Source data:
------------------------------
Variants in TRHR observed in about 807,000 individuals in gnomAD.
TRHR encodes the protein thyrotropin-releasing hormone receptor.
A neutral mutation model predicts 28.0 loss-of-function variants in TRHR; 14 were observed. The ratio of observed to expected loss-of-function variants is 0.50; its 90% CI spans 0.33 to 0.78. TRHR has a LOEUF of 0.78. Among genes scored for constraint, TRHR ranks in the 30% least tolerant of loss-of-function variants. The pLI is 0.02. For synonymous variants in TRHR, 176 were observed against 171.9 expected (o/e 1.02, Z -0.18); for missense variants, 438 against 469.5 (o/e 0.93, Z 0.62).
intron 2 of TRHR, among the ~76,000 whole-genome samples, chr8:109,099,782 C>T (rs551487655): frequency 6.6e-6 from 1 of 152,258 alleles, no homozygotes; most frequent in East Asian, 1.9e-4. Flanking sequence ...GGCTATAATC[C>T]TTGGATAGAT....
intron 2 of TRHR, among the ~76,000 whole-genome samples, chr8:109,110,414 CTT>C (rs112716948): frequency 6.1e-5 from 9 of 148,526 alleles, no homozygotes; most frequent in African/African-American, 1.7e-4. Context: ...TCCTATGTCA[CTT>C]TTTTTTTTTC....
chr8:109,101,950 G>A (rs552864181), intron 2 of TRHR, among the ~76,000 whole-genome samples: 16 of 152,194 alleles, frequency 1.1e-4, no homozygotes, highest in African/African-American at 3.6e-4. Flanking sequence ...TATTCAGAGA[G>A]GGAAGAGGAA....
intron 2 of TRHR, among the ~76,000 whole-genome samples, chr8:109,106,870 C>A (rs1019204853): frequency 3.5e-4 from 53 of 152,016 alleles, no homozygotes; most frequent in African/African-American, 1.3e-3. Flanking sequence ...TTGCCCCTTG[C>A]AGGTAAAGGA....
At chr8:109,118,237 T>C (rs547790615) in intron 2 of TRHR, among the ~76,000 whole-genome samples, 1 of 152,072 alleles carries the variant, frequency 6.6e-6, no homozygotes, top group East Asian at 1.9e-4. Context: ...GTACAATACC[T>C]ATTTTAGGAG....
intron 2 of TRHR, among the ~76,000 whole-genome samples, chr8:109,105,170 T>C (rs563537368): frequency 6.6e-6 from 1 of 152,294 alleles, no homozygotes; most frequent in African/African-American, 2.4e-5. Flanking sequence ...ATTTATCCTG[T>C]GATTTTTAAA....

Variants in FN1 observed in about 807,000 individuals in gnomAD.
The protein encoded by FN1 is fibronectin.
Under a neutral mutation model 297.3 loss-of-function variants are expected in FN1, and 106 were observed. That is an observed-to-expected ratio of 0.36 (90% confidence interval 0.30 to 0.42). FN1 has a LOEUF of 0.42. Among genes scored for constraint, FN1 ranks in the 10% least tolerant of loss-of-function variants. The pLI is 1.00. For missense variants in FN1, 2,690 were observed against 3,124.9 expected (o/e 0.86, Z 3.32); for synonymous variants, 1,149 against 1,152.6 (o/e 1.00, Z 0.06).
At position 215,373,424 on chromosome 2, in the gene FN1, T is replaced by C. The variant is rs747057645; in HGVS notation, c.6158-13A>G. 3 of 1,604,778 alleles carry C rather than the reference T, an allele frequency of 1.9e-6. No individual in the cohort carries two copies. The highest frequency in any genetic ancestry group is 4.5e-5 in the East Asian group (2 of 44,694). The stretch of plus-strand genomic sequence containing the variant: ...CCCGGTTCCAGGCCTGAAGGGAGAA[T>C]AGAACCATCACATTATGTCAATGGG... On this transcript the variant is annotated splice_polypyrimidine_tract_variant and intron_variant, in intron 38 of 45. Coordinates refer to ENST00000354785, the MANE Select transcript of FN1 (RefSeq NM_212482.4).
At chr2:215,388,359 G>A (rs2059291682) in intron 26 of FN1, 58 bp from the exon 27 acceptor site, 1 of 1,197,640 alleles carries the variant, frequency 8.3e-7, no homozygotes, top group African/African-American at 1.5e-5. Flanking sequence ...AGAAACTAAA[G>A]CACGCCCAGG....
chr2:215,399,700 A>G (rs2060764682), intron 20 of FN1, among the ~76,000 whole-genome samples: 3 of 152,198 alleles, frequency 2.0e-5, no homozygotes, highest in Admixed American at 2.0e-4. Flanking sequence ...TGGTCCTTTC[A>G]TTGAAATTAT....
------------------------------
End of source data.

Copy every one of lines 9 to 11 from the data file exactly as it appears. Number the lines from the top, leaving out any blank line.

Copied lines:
intron 2 of TRHR, among the ~76,000 whole-genome samples, chr8:109,105,170 T>C (rs563537368): frequency 6.6e-6 from 1 of 152,294 alleles, no homozygotes; most frequent in African/African-American, 2.4e-5. Flanking sequence ...ATTTATCCTG[T>C]GATTTTTAAA....

Variants in FN1 observed in about 807,000 individuals in gnomAD.
The protein encoded by FN1 is fibronectin.